Father Bill’s to build housing and apartment resource center in Quincy



QUINCY – Public and private entities have signed on to help support Father Bill and MainSpring’s efforts to build a new housing complex for guest homeless people in Quincy, but uncertainty remains as to exactly when the current shelter will be will be demolished.

John Yazwinski, President and CEO of Father Bill’s, said a project to build a housing resource center in the city is starting to gain momentum. The center is slated for Broad Street to replace its current emergency shelter in Quincy.

“Our supporters are really excited about this,” Yazwinski said. “So far the response has been overwhelming and people are really excited that we’re not just doing the great shelter model.

Father Bill’s current shelter is one of many buildings being demolished to make way for a new police station, a $ 100 million project that got the green light earlier this year.

City councilors approved in December 2019 the purchase of five lots for the police station project, including the current shelter. It also bought 39 Broad St., where a one-story industrial building is located. This building will be demolished to make way for Father Bill’s new project, which has already been approved by town planning and zoning councils.

The plan is for the city to demolish part of the existing building at 39 Broad St. so that construction can begin on the new resource center, and the shelter guests will occupy the remaining part of the building in the meantime.

After: The final $ 120 million approved for the Quincy public safety building

After: State to donate $ 4 million to Father Bill’s new project in Quincy

Plans for Father Bill’s new facility describe two different buildings: one for 25 to 30 functional apartments and one for a multi-purpose shelter and resource center. Both buildings will be across from the current emergency shelter at 38 Broad St.

“We will create a day center for the prevention of homelessness, the rehousing of people and work to create this stability,” he said. “We are bold, looking at the best practices of the past 30 years and really approaching this in a new way.”

Yazwinski said projects are expected to be underway this fall – construction will begin on the resource center first and apartments will follow. He said he was not yet sure when the city would demolish the current shelter.

After: First phase of construction completed at The Abby station in North Quincy

After: Quincy budget approved, councilors protest mayor’s lack of support for equity department

The apartment complex will provide permanent housing to those in need, and the second building, called the Housing Resource Center, will be equipped with a medical clinic, two dormitories, a laundry room, a commercial kitchen, showers. and a private meeting space.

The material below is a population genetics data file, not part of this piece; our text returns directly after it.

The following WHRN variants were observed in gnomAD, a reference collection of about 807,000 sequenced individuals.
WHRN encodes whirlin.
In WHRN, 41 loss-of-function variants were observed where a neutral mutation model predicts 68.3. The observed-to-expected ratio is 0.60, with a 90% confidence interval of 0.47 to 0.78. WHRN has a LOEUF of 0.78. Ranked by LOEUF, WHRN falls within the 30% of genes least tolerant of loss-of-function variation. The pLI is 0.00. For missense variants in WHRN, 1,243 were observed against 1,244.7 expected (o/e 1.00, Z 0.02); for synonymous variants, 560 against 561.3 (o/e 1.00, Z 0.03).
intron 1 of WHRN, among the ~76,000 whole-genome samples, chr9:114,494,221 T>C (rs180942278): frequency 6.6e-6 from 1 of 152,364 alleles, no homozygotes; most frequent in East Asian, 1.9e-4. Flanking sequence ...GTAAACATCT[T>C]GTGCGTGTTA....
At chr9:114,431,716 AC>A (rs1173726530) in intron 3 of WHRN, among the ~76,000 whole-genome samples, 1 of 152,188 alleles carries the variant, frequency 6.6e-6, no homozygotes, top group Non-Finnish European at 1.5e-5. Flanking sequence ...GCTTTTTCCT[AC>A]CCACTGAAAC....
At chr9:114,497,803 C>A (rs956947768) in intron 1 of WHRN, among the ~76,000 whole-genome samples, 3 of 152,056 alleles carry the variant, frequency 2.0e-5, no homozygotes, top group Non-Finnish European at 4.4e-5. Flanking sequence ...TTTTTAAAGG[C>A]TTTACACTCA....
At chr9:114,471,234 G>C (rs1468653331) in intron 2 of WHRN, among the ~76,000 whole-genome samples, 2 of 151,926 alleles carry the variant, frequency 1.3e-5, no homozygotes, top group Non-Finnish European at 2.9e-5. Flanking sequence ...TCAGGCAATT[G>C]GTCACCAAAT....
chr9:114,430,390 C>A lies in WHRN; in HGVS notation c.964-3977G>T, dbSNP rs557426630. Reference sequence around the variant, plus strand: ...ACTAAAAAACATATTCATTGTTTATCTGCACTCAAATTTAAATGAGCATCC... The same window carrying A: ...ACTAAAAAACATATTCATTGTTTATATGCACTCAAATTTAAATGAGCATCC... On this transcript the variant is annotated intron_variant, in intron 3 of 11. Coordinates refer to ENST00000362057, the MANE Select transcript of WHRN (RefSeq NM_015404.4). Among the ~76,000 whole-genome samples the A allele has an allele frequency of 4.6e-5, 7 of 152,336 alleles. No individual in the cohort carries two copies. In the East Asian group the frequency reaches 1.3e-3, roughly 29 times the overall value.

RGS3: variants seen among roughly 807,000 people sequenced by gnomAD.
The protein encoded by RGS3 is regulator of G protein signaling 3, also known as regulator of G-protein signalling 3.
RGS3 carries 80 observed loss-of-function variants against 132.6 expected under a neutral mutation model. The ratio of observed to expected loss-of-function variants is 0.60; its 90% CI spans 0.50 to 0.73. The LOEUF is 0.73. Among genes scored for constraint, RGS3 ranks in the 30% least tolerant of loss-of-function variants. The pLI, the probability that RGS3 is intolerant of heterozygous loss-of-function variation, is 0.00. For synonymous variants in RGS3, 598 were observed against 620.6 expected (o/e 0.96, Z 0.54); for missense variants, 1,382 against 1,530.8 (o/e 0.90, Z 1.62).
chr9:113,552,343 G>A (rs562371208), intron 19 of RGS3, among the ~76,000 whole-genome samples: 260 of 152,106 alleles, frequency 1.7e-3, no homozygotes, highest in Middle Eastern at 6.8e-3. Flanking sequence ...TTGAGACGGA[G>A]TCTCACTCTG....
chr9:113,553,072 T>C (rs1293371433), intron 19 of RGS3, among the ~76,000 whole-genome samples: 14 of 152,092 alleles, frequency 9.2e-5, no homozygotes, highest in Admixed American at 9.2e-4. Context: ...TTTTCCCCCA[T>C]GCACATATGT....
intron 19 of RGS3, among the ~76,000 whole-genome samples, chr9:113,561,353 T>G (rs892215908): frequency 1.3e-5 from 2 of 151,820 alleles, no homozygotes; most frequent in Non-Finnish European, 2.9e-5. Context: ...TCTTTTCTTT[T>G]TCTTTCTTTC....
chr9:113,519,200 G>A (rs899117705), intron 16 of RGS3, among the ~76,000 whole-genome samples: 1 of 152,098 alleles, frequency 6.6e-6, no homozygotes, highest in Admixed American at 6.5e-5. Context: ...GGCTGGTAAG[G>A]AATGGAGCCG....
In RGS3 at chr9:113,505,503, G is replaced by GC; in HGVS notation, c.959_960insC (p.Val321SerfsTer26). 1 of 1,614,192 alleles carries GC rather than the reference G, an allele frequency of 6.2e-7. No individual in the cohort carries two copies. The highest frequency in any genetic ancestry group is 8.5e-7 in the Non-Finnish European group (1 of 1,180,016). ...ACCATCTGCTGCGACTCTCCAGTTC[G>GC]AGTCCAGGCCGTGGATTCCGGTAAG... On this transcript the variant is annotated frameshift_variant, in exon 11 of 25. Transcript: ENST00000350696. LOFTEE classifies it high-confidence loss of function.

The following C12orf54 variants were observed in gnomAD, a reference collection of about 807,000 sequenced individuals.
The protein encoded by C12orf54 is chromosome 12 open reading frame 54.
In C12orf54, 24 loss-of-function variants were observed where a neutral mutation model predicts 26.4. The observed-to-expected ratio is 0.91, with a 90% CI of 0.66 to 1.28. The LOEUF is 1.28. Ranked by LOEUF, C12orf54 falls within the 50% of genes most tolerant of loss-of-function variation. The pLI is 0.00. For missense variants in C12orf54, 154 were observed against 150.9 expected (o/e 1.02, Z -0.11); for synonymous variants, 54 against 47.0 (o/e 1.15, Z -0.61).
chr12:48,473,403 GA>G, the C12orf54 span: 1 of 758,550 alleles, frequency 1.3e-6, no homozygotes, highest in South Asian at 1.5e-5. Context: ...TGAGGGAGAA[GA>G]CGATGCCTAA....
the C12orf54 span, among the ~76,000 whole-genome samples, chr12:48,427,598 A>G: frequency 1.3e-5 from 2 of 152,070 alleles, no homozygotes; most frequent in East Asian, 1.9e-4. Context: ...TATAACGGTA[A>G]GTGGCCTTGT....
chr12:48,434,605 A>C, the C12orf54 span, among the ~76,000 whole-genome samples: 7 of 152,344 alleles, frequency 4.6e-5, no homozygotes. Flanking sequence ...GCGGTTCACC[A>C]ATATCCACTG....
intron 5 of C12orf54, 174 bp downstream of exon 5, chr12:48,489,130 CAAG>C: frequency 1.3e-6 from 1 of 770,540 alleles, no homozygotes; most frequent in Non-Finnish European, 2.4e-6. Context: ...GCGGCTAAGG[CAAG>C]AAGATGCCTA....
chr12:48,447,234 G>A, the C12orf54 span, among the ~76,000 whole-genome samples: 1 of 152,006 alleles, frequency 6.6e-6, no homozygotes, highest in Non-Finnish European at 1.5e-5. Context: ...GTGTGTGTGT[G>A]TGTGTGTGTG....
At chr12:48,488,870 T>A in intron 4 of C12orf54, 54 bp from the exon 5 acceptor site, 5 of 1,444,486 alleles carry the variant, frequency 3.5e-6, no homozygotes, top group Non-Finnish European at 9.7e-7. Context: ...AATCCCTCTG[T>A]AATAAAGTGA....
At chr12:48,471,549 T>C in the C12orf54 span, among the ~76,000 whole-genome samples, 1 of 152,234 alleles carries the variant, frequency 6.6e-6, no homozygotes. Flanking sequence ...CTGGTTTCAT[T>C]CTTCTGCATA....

The homeless shelter currently operated by the organization, which measures about 7,000 square feet, can accommodate about 135 people per night on average, Yazwinski said. The new emergency shelter building will be outfitted to only hold around 75 shelter beds, but Yazwinski said the larger space would leave room for more if needed.

Since the plans were announced, the new center has been hailed as a solution to the homeless in the region. Yazwinski said he estimates the new buildings and work on the site will cost $ 20 million, and $ 7.5 million will need to be raised from the public. The rest of the money will come from the state and public resources.

The Quincy Affordable Housing Trust has committed $ 1 million to the project. The Arbella Insurance Foundation also recently awarded $ 600,000 to Father Bill’s, half for the new Quincy facility and the other half for the organization’s efforts to convert a hotel in Brockton into 69 permanent housing units. .

“Father Bill’s & MainSpring has been a beacon of hope on the South Shore,” John Donohue, chairman and chairman of the Arbella Insurance Foundation, said in a statement. “These two initiatives will have a direct, positive and significant impact on the local community. We are grateful for the opportunity to support FBMS in its mission to make the world a fairer place by ending homelessness.

The Quincy Affordable Housing Trust committed $ 1 million to the project, and in March Governor Charlie Baker was in Quincy to announce $ 4 million for the housing resource center.

Recently, the State Executive Office of Health and Human Services and the Department of Public Health announced that Father Bill’s and MainSpring will receive up to $ 176,076 per year for its regional services in Brockton, Quincy and Plymouth. Father Bill was one of 36 recipients of state grants to earn money to spend in work that provides housing stability and support that reduces the risk of relapse, increases independent living skills, and supports recovery from addiction.

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Contact Mary Whitfill at mwhitfill@patriotledger.com.


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